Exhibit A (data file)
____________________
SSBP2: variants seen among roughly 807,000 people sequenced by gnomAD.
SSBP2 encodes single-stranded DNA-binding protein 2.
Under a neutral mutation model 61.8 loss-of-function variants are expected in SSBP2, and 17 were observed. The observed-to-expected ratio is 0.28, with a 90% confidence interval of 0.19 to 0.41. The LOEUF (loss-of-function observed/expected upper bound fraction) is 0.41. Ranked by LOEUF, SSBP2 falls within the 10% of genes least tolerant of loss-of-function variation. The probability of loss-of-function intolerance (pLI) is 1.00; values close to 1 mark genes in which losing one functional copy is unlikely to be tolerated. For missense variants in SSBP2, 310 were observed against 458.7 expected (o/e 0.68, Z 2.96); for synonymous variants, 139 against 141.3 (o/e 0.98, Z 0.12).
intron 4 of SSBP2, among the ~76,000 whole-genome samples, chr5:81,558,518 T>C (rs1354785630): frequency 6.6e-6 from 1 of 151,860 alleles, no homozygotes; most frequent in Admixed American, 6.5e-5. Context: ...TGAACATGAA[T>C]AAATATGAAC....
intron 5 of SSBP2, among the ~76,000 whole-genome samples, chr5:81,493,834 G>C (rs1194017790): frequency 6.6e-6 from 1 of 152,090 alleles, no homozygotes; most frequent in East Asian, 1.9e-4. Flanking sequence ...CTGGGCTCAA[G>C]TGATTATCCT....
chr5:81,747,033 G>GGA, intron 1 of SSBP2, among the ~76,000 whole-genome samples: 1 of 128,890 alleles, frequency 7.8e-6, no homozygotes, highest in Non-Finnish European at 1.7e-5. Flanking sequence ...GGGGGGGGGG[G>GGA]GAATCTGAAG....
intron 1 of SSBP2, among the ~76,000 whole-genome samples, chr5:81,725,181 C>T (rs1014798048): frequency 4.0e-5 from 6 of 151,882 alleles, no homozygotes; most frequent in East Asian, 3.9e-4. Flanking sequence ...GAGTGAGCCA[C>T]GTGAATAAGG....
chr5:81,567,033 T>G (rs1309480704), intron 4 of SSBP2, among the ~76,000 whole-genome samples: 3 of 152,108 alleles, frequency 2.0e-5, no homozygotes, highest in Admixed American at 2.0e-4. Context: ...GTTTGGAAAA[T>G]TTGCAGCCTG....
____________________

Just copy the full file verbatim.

SSBP2: variants seen among roughly 807,000 people sequenced by gnomAD.
SSBP2 encodes single-stranded DNA-binding protein 2.
Under a neutral mutation model 61.8 loss-of-function variants are expected in SSBP2, and 17 were observed. The observed-to-expected ratio is 0.28, with a 90% confidence interval of 0.19 to 0.41. The LOEUF (loss-of-function observed/expected upper bound fraction) is 0.41. Ranked by LOEUF, SSBP2 falls within the 10% of genes least tolerant of loss-of-function variation. The probability of loss-of-function intolerance (pLI) is 1.00; values close to 1 mark genes in which losing one functional copy is unlikely to be tolerated. For missense variants in SSBP2, 310 were observed against 458.7 expected (o/e 0.68, Z 2.96); for synonymous variants, 139 against 141.3 (o/e 0.98, Z 0.12).
intron 4 of SSBP2, among the ~76,000 whole-genome samples, chr5:81,558,518 T>C (rs1354785630): frequency 6.6e-6 from 1 of 151,860 alleles, no homozygotes; most frequent in Admixed American, 6.5e-5. Context: ...TGAACATGAA[T>C]AAATATGAAC....
intron 5 of SSBP2, among the ~76,000 whole-genome samples, chr5:81,493,834 G>C (rs1194017790): frequency 6.6e-6 from 1 of 152,090 alleles, no homozygotes; most frequent in East Asian, 1.9e-4. Flanking sequence ...CTGGGCTCAA[G>C]TGATTATCCT....
chr5:81,747,033 G>GGA, intron 1 of SSBP2, among the ~76,000 whole-genome samples: 1 of 128,890 alleles, frequency 7.8e-6, no homozygotes, highest in Non-Finnish European at 1.7e-5. Flanking sequence ...GGGGGGGGGG[G>GGA]GAATCTGAAG....
intron 1 of SSBP2, among the ~76,000 whole-genome samples, chr5:81,725,181 C>T (rs1014798048): frequency 4.0e-5 from 6 of 151,882 alleles, no homozygotes; most frequent in East Asian, 3.9e-4. Flanking sequence ...GAGTGAGCCA[C>T]GTGAATAAGG....
chr5:81,567,033 T>G (rs1309480704), intron 4 of SSBP2, among the ~76,000 whole-genome samples: 3 of 152,108 alleles, frequency 2.0e-5, no homozygotes, highest in Admixed American at 2.0e-4. Context: ...GTTTGGAAAA[T>G]TTGCAGCCTG....